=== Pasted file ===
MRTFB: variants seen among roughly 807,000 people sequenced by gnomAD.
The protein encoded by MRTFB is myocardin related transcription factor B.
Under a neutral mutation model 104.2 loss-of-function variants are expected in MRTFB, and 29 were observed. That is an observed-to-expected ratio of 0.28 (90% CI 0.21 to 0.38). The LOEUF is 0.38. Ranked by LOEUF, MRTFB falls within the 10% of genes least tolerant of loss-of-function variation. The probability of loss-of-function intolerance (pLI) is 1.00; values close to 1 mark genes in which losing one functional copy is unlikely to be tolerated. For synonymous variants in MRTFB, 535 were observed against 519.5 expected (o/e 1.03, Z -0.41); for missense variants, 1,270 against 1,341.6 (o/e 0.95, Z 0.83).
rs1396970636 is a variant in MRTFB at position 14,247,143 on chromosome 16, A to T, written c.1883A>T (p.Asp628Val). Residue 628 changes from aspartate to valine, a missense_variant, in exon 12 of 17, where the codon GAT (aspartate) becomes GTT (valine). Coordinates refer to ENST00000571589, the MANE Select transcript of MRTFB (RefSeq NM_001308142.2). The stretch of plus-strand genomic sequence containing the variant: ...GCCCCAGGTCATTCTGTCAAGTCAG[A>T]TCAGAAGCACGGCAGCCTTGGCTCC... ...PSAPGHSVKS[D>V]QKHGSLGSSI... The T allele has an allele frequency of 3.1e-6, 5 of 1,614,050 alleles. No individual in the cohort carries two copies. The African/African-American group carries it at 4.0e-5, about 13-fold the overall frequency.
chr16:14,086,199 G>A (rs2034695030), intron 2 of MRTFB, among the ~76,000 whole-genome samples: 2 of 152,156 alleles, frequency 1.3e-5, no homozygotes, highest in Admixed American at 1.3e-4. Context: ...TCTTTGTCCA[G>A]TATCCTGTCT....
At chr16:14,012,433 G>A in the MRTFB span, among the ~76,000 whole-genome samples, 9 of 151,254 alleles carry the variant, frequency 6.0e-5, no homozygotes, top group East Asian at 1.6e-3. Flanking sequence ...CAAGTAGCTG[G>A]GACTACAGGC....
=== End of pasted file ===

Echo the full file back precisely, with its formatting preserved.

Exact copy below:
MRTFB: variants seen among roughly 807,000 people sequenced by gnomAD.
The protein encoded by MRTFB is myocardin related transcription factor B.
Under a neutral mutation model 104.2 loss-of-function variants are expected in MRTFB, and 29 were observed. That is an observed-to-expected ratio of 0.28 (90% CI 0.21 to 0.38). The LOEUF is 0.38. Ranked by LOEUF, MRTFB falls within the 10% of genes least tolerant of loss-of-function variation. The probability of loss-of-function intolerance (pLI) is 1.00; values close to 1 mark genes in which losing one functional copy is unlikely to be tolerated. For synonymous variants in MRTFB, 535 were observed against 519.5 expected (o/e 1.03, Z -0.41); for missense variants, 1,270 against 1,341.6 (o/e 0.95, Z 0.83).
rs1396970636 is a variant in MRTFB at position 14,247,143 on chromosome 16, A to T, written c.1883A>T (p.Asp628Val). Residue 628 changes from aspartate to valine, a missense_variant, in exon 12 of 17, where the codon GAT (aspartate) becomes GTT (valine). Coordinates refer to ENST00000571589, the MANE Select transcript of MRTFB (RefSeq NM_001308142.2). The stretch of plus-strand genomic sequence containing the variant: ...GCCCCAGGTCATTCTGTCAAGTCAG[A>T]TCAGAAGCACGGCAGCCTTGGCTCC... ...PSAPGHSVKS[D>V]QKHGSLGSSI... The T allele has an allele frequency of 3.1e-6, 5 of 1,614,050 alleles. No individual in the cohort carries two copies. The African/African-American group carries it at 4.0e-5, about 13-fold the overall frequency.
chr16:14,086,199 G>A (rs2034695030), intron 2 of MRTFB, among the ~76,000 whole-genome samples: 2 of 152,156 alleles, frequency 1.3e-5, no homozygotes, highest in Admixed American at 1.3e-4. Context: ...TCTTTGTCCA[G>A]TATCCTGTCT....
At chr16:14,012,433 G>A in the MRTFB span, among the ~76,000 whole-genome samples, 9 of 151,254 alleles carry the variant, frequency 6.0e-5, no homozygotes, top group East Asian at 1.6e-3. Flanking sequence ...CAAGTAGCTG[G>A]GACTACAGGC....